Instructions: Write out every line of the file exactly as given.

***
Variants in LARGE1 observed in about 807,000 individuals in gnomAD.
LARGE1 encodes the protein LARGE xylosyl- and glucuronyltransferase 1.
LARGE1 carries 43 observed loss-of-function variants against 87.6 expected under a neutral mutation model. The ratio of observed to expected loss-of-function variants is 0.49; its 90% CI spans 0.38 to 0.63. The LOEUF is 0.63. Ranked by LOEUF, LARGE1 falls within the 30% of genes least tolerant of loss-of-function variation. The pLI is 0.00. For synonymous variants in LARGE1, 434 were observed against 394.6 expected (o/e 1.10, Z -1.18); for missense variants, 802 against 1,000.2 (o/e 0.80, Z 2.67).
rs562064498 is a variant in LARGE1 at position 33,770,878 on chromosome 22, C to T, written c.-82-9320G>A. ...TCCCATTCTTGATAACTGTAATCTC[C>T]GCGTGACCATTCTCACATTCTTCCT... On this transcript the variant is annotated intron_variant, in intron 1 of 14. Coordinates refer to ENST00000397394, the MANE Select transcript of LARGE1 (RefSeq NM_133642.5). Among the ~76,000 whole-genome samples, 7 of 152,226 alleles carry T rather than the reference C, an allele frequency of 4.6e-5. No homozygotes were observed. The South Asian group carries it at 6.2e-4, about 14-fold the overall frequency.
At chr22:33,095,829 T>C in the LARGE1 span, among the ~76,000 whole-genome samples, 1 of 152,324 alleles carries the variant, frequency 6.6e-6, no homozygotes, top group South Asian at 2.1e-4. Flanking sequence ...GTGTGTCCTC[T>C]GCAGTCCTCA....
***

Variants in LARGE1 observed in about 807,000 individuals in gnomAD.
LARGE1 encodes the protein LARGE xylosyl- and glucuronyltransferase 1.
LARGE1 carries 43 observed loss-of-function variants against 87.6 expected under a neutral mutation model. The ratio of observed to expected loss-of-function variants is 0.49; its 90% CI spans 0.38 to 0.63. The LOEUF is 0.63. Ranked by LOEUF, LARGE1 falls within the 30% of genes least tolerant of loss-of-function variation. The pLI is 0.00. For synonymous variants in LARGE1, 434 were observed against 394.6 expected (o/e 1.10, Z -1.18); for missense variants, 802 against 1,000.2 (o/e 0.80, Z 2.67).
rs562064498 is a variant in LARGE1 at position 33,770,878 on chromosome 22, C to T, written c.-82-9320G>A. ...TCCCATTCTTGATAACTGTAATCTC[C>T]GCGTGACCATTCTCACATTCTTCCT... On this transcript the variant is annotated intron_variant, in intron 1 of 14. Coordinates refer to ENST00000397394, the MANE Select transcript of LARGE1 (RefSeq NM_133642.5). Among the ~76,000 whole-genome samples, 7 of 152,226 alleles carry T rather than the reference C, an allele frequency of 4.6e-5. No homozygotes were observed. The South Asian group carries it at 6.2e-4, about 14-fold the overall frequency.
At chr22:33,095,829 T>C in the LARGE1 span, among the ~76,000 whole-genome samples, 1 of 152,324 alleles carries the variant, frequency 6.6e-6, no homozygotes, top group South Asian at 2.1e-4. Flanking sequence ...GTGTGTCCTC[T>C]GCAGTCCTCA....